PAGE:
Rant versus rant: we’re all sell-outs, John Oliver, you included

Kontented’s Kate Edwards takes aim at HBO’s John Oliver’s rant on native advertising with a rant in response.


The world is changing, John Oliver. It might be time to get on board or cancel your social media subscriptions if you don’t intend to take part.

We can’t all sit in a bubble and complain about how the world used to be. We need to work out ethical guidelines and chart new territory in a media environment changing faster than the speed of light.

WATCH: John Oliver compares native advertising to Katy Perry »

Here are some examples of notable ‘brand funded projects’ that have done the editorial world some good.

The Forbes Brand Voice Platform generated over 20% increase in contributors to Forbes, a spike in articles published (ie. more content), more eyeballs than ever before and a steady year-on-year revenue increase in a declining print marketplace.

Surely it can’t be all that bad?

AOL’s digital portal Makers is the largest video collection of women’s stories in the world, and it was funded by US skincare brand, Simple.

Can’t be all that bad, right?

Now, maybe not to everyone’s taste, but The Gilmore Girls was an enormous success. In the face of a lack of programming options for FMCG brands to align their products, a group of advertisers helped develop its very own seven-year-running drama series. The Gilmore Girls not only gave them a place to run their ads but, additionally, a large revenue return when it was sold in Season Two to one of the largest US TV networks as a format.

There are examples of where it works and works well. I’m not saying it does every single time, however that responsibility lies at the hand of the producers and strategists and with the interests of creating quality, engaging, meaningful work.

Now, turn that coin over and lets delve into this world of shameless self-promotion that John Oliver would have us believe is not an appropriate place for brands.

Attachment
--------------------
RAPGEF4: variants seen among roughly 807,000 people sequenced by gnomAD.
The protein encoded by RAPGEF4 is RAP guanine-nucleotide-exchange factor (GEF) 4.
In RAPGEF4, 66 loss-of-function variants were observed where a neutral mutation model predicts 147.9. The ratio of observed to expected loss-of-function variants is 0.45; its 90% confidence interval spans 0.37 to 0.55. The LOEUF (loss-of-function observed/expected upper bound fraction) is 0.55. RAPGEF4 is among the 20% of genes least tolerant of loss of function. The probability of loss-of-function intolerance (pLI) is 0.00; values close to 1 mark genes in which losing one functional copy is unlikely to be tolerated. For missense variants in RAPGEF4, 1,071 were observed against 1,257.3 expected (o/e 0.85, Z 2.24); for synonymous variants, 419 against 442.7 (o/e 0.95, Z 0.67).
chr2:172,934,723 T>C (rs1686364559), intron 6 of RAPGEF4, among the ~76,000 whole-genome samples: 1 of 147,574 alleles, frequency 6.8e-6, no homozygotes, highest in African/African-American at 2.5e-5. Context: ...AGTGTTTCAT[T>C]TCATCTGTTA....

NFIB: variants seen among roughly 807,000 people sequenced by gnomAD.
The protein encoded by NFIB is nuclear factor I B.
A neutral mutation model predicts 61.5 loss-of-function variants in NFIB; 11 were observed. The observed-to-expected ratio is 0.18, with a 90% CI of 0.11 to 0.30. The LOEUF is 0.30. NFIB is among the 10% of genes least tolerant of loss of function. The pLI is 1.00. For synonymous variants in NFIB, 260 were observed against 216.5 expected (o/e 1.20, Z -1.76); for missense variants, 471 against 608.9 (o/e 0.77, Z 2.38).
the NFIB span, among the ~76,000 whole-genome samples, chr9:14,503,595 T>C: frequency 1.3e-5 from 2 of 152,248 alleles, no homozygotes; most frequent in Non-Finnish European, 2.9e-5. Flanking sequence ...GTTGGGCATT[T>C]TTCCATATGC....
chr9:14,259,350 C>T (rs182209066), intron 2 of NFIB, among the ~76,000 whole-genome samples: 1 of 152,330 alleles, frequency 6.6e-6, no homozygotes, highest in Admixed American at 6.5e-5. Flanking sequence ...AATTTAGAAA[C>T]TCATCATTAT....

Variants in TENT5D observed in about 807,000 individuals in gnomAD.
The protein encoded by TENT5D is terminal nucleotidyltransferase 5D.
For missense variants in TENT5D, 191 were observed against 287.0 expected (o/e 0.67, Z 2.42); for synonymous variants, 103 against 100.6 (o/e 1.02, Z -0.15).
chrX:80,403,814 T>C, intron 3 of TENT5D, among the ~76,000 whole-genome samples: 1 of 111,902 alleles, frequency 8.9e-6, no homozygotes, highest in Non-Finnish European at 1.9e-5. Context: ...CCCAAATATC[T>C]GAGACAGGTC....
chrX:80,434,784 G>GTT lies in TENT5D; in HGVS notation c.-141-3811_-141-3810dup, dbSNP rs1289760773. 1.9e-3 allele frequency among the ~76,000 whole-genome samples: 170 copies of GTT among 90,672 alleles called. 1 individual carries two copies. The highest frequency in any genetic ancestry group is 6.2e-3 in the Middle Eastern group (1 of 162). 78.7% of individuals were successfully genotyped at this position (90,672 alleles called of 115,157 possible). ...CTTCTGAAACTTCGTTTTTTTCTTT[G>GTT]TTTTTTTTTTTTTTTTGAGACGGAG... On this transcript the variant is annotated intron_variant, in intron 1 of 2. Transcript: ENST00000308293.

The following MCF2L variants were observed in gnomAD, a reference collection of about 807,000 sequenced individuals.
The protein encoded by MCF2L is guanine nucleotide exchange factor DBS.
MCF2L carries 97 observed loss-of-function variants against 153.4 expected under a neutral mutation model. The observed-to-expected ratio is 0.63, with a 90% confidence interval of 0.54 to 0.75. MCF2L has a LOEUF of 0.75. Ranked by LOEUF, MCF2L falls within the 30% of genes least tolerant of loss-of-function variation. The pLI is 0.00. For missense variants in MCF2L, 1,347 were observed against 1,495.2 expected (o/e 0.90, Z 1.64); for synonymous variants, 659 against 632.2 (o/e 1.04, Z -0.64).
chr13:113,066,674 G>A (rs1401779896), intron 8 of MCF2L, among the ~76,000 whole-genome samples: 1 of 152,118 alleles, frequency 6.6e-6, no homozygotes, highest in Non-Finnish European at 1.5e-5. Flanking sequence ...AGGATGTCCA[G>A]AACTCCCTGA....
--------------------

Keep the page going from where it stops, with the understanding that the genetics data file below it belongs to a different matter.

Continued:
Marlon Wayans of the famed, and spectacularly talented, Wayans family, last week cashed in on his social standing, via social media (der, that’s why its called social). He built a million-percent increase on his fan base after hitting the probervial ‘Delta white girl dancing badly’ nerve. Now, clearly he and Delta Goodrem are on friendly terms and she was no doubt across the comments. They both had millions of people talking about them both and the Twittersphere almost melted.

Whether we like it or not, everyone of us have become ‘native advertisers’ by virtue of the digital world afforded to us via social media. We have the right as humans living in 2014 to broadcast our food, babies and big night’s out – so why the f*** can’t brands?

Mr Oliver, I hate to break this to you, mate, but we’re all sell-outs – you included. That’s why you work for HBO and not some rinky-dink backwater broadcaster. It’s why you have 258,040 Facebook fans and 453,000 twitter followers. It’s also why you had the freakin’ Muppets on your show last week promoting what? A commercial enterprise in the guise of ‘entertainment’, methinks.


So, from one sell out to another, I salute you. We do what we can to get our message noticed. May Statler and Waldorf be kind in your next review.